Archive for the ‘dealing with adversity’ Category

Is It Really an Advantage for a College Guy to Be the Olympic Basketball Coach?

Tuesday, August 23rd, 2016

Two-and-a-half week hiatus. Headed Down Under to visit younger son, Alex, and watch him play for a couple weeks in Darwin, Australia. Plane tickets? Check. Place to stay? Thanks to time share (for once, with no hassles), check. Rental car (remember, they drive on the other side of the road)? Check. House sitter? Check. See you around September 12.

Sure the USA won the gold medal in men’s basketball for the past three Olympics – which is what the goal was after coming home bronzed in 2004 but, in this country, we need some controversy. Talk TV and radio wouldn’t exist without somebody bitching – about success as well as failure.

So was it an advantage for Mike Krzyzewski to coach the Olympic team for the past three Games? Of course. But, it wasn’t like he was begging for the job. Jerry Colangelo sought out Coach K for a reason. Looks like Jerry knew what he was doing. Could Colangelo have selected another coach who could have produced three golds? Maybe, maybe not and that’s a question we’ll never know. OK, probably, but let’s analyze the positives and negatives of being the Olympic coach.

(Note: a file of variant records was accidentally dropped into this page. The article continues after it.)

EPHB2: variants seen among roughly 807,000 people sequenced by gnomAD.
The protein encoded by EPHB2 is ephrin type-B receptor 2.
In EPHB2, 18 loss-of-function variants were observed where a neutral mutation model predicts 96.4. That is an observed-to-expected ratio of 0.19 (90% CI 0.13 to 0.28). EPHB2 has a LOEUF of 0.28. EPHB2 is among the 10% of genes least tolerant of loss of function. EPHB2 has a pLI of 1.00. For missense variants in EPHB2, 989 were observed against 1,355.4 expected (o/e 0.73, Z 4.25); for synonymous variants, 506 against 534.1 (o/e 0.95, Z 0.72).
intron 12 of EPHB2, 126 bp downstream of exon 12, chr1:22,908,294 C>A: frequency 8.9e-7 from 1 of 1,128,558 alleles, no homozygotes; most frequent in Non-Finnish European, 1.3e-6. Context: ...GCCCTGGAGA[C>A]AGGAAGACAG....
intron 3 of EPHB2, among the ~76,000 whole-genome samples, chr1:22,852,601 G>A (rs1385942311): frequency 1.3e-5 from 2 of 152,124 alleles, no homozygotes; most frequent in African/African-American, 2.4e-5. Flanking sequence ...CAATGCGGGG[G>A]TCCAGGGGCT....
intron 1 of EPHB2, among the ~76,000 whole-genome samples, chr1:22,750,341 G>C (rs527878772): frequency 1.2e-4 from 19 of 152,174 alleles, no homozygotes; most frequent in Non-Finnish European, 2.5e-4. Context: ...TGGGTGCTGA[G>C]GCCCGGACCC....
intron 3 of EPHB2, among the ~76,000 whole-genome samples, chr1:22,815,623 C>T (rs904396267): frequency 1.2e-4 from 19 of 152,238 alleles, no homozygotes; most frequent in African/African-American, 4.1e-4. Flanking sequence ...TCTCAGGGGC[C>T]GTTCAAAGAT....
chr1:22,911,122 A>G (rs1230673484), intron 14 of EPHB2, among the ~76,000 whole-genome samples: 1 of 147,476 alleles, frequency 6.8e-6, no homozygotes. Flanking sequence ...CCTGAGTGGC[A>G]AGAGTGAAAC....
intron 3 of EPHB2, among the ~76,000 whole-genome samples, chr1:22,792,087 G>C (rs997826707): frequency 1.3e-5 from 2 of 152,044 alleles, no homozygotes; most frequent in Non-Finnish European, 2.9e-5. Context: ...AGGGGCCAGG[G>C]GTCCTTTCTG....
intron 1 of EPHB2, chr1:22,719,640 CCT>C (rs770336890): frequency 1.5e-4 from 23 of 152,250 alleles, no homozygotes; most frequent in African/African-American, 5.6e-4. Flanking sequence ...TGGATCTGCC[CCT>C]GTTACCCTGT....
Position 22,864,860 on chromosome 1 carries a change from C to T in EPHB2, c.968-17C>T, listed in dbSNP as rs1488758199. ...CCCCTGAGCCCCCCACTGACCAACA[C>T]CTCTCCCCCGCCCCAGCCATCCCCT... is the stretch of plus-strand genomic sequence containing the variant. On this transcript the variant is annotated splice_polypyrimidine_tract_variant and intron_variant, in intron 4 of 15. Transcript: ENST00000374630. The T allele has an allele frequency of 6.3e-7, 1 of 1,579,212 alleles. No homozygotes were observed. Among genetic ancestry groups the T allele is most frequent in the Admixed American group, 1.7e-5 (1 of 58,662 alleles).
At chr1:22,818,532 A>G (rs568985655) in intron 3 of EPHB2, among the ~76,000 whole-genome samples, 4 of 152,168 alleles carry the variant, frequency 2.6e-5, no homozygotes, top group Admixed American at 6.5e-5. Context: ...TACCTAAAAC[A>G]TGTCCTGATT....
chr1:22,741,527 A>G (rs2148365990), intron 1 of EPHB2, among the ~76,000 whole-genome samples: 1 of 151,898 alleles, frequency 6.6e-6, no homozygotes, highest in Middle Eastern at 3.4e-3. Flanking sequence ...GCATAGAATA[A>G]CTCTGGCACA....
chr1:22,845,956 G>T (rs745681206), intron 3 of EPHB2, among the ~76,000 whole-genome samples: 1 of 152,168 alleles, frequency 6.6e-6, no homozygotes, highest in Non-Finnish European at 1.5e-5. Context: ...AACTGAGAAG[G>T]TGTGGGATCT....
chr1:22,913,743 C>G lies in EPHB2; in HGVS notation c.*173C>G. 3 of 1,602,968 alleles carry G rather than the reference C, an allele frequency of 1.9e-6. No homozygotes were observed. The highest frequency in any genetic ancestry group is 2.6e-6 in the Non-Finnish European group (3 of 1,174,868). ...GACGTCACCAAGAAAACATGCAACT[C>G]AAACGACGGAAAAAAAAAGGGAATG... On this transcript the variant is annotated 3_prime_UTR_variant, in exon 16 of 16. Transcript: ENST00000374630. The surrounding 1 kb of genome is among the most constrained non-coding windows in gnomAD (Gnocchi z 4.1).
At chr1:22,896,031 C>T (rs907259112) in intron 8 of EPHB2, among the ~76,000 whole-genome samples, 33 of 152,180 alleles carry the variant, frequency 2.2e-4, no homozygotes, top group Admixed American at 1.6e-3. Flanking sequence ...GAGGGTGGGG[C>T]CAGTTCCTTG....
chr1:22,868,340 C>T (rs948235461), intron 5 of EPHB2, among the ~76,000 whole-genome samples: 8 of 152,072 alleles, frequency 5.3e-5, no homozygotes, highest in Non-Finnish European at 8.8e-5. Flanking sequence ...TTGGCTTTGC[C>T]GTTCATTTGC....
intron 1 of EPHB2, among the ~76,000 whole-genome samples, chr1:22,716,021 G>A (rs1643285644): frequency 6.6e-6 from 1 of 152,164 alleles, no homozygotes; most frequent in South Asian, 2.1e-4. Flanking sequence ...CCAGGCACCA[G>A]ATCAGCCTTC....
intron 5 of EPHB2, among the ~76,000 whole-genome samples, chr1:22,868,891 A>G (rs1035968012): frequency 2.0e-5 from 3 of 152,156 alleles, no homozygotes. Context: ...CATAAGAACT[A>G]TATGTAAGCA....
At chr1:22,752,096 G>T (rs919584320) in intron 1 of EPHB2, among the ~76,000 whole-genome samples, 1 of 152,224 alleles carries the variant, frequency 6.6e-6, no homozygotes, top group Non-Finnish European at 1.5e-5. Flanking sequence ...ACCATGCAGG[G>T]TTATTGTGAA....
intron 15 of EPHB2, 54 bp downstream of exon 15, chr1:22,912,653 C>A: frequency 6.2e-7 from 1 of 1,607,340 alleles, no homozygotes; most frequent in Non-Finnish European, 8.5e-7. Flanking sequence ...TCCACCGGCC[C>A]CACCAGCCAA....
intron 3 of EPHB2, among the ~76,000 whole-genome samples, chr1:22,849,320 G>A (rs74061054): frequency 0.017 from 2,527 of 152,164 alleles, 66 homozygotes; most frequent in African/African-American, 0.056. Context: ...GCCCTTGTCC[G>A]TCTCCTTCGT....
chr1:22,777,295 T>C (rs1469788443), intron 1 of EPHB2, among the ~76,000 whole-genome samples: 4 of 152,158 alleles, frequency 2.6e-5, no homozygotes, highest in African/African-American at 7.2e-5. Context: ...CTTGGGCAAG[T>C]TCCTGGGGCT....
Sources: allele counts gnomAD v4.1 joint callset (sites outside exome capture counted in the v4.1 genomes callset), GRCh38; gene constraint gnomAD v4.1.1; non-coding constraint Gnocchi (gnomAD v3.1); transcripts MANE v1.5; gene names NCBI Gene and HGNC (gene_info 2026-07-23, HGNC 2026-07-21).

Number one positive for a college coach is recruiting. “Hey, young fella, how would you like to play for our Olympic coach?” is a pretty nice entree into a prospect’s home. Something no other school can say. Of course, this is assuming THE USA WINS! Can you imagine what rival coaches would say if the we lost? Really, they wouldn’t have to say much because the talking heads would be slaughtering the poor guy enough for everybody. Some might consider coaching NBA players a plus but, then again, have they forgotten all that was said and written about the joys of having Boogie Cousins and Carmelo Anthony on a squad? Well, we could ask their coaches. Each can be found in the unemployment line.

How about the money and first class travel and accommodations that go along with being the head man? OK, not the money (although there’s certainly a book deal in the future – oh yeah, he’s already done that) but the perks? Check what Coach K makes from Duke, Nike, other endorsements. With what he’s pulling in, he could own his own plane and hotel if he wanted. And Rio? If he asked Micki where her dream vacay would be, does Rio even medal?